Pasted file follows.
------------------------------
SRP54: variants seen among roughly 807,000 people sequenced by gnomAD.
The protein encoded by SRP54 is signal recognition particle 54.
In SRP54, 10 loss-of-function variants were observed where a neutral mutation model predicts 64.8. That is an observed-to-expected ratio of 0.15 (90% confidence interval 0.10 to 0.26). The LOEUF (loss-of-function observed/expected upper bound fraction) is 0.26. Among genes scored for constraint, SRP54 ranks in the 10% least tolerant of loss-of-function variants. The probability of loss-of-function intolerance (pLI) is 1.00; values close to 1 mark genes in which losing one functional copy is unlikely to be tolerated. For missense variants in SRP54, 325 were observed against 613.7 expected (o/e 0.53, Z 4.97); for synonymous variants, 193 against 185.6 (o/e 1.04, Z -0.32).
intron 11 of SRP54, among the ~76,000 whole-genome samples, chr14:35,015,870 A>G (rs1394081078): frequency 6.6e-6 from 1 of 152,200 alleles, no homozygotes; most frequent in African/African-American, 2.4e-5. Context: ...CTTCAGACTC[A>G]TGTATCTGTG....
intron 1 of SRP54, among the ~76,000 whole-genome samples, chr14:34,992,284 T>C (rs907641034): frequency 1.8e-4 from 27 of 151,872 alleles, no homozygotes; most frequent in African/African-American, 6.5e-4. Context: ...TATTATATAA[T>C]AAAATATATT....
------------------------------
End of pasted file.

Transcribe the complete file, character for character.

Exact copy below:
SRP54: variants seen among roughly 807,000 people sequenced by gnomAD.
The protein encoded by SRP54 is signal recognition particle 54.
In SRP54, 10 loss-of-function variants were observed where a neutral mutation model predicts 64.8. That is an observed-to-expected ratio of 0.15 (90% confidence interval 0.10 to 0.26). The LOEUF (loss-of-function observed/expected upper bound fraction) is 0.26. Among genes scored for constraint, SRP54 ranks in the 10% least tolerant of loss-of-function variants. The probability of loss-of-function intolerance (pLI) is 1.00; values close to 1 mark genes in which losing one functional copy is unlikely to be tolerated. For missense variants in SRP54, 325 were observed against 613.7 expected (o/e 0.53, Z 4.97); for synonymous variants, 193 against 185.6 (o/e 1.04, Z -0.32).
intron 11 of SRP54, among the ~76,000 whole-genome samples, chr14:35,015,870 A>G (rs1394081078): frequency 6.6e-6 from 1 of 152,200 alleles, no homozygotes; most frequent in African/African-American, 2.4e-5. Context: ...CTTCAGACTC[A>G]TGTATCTGTG....
intron 1 of SRP54, among the ~76,000 whole-genome samples, chr14:34,992,284 T>C (rs907641034): frequency 1.8e-4 from 27 of 151,872 alleles, no homozygotes; most frequent in African/African-American, 6.5e-4. Context: ...TATTATATAA[T>C]AAAATATATT....